Recently, Sen. Ted Cruz, R-Texas got into a heated twitter exchange with the chair of Harvard University’s American-studies program, Joyce Chaplin, over the question of how the United States was created. Chaplin claimed that the international community created the United States with the Treaty Of Paris in 1783. Cruz retorted that the Declaration of Independence along with the courage of the Continental Army created the United States and that the treaty was just a recognition of a fact that had been ongoing for seven years.

A Harvard professor weighs in on the origin of the United States

Chaplin started the argument when she tweeted, “The USA, created by int'l community in Treaty of Paris in 1783, betrays int'l community by withdrawing from #parisclimateagreement today.” The tweet was a bit snarky and logically shaky, to put it mildly. The Paris climate agreement was never ratified as a treaty by the United States Senate but rather was signed as an executive agreement by President Barack Obama. President Trump had every right to withdraw from the accord, in the same manner, it was entered into. Indeed any treaty has a clause for parties to leave the agreement. The United States has exercised this right a number of times in the past.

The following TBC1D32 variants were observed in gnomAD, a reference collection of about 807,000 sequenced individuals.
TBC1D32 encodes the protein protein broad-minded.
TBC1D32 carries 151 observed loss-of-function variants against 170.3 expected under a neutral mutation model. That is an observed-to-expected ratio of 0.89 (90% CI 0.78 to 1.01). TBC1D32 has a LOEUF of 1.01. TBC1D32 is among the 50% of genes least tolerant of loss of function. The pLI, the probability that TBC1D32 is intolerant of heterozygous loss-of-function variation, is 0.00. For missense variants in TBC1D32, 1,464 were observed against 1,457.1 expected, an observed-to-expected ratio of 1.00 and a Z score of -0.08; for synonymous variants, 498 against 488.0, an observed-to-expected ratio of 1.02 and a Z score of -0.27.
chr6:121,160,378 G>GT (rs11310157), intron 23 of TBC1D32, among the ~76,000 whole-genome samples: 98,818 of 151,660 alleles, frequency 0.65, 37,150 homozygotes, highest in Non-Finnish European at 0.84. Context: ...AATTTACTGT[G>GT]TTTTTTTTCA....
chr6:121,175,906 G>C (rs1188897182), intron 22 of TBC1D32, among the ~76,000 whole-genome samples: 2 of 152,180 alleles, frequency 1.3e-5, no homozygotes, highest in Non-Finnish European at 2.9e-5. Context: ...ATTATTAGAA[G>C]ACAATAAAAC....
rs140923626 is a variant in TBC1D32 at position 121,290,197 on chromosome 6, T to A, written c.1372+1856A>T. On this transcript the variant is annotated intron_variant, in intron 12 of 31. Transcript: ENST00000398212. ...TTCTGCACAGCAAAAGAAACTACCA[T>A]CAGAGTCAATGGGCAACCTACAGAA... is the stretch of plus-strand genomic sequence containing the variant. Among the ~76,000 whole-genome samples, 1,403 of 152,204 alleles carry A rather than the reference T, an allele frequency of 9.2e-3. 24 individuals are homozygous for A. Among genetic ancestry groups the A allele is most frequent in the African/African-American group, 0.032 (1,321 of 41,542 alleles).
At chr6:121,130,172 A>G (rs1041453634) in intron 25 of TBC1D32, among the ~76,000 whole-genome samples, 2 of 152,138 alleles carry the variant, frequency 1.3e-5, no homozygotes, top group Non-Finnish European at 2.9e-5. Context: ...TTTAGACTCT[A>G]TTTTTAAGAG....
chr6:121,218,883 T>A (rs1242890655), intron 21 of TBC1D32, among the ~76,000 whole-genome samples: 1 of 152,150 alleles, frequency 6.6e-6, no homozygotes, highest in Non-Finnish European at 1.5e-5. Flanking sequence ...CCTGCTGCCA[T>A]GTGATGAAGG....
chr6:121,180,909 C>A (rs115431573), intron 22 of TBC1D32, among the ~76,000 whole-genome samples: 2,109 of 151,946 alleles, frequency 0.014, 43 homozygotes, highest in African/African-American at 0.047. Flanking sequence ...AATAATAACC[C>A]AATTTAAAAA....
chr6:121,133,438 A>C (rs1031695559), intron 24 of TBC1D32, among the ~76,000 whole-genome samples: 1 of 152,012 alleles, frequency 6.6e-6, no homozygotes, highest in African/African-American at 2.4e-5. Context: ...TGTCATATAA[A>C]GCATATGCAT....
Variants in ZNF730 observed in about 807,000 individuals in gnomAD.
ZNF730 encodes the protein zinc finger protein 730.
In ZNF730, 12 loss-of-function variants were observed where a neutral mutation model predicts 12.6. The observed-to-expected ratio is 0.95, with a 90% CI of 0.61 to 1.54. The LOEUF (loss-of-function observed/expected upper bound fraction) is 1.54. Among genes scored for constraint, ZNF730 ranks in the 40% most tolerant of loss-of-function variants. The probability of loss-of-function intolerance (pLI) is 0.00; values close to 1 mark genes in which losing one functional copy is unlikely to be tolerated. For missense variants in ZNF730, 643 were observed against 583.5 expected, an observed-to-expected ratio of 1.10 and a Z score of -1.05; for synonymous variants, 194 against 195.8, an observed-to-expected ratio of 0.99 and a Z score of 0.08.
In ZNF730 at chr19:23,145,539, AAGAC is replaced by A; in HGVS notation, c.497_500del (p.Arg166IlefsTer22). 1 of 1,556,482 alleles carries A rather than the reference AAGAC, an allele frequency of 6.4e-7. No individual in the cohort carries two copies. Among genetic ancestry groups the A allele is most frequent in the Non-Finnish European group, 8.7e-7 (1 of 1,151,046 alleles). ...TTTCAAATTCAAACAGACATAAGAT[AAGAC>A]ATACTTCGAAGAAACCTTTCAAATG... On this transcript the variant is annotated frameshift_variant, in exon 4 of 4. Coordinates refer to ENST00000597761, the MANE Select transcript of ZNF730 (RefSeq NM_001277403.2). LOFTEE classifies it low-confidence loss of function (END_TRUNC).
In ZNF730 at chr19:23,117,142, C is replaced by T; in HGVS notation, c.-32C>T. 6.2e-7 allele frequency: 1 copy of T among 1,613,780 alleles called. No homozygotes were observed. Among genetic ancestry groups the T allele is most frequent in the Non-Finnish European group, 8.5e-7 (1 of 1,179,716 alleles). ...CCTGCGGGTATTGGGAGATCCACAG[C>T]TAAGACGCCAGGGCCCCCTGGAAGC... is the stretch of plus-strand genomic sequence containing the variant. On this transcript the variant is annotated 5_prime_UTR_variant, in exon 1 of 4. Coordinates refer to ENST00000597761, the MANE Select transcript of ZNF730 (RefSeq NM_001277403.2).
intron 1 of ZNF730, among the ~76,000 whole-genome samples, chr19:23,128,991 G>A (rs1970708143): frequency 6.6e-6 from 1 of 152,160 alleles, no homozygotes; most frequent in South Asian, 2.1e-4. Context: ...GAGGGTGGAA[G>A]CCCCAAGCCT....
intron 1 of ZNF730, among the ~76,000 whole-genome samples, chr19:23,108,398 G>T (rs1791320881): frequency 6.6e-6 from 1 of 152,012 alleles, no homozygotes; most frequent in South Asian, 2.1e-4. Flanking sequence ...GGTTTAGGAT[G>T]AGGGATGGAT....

Senator Cruz responds

Cruz, seeing Chaplin’s tweet, responded with one of his own. “Just sad. Tenured chair at Harvard, doesn't seem to know how the USA was created. Not a treaty. Declaration+Revolutionary War+Constitution=USA.” That statement was certainly the view of the founding fathers. The United States was a free and independent country from the moment the Declaration of Independence was signed.

That the British Crown did not recognize that fact and sent troops to invade their former colonies did not alter that view. Indeed, France and other European countries tacitly recognized the independence of the United States by supporting it with troops and money long before the Treaty of Paris. Britain was isolated diplomatically by insisting that they were fighting rebellious colonials.

The exchange gets a little ugly

Chaplin responded by reiterating the idea that national statehood requires an agreement by the international community. The point made is debatable, since a lot of nation-states have started out with a lack of international recognition. Israel, for example, spent the first decades of her existence without recognition by her Arab neighbors. In any case, France, Holland, and Spain had already recognized the young United States. The Treaty of Paris merely required Great Britain to do so.

Cruz, apparently losing his temper, responded by repeating his point and then suggesting that Chaplin is a “lefty academic.” He later added that the Treaty of Paris memorialized the fact of American independence which was confirmed at the Battle of Yorktown.

But the gibe about “lefty academics” only served to end the discussion without coming to a conclusion.

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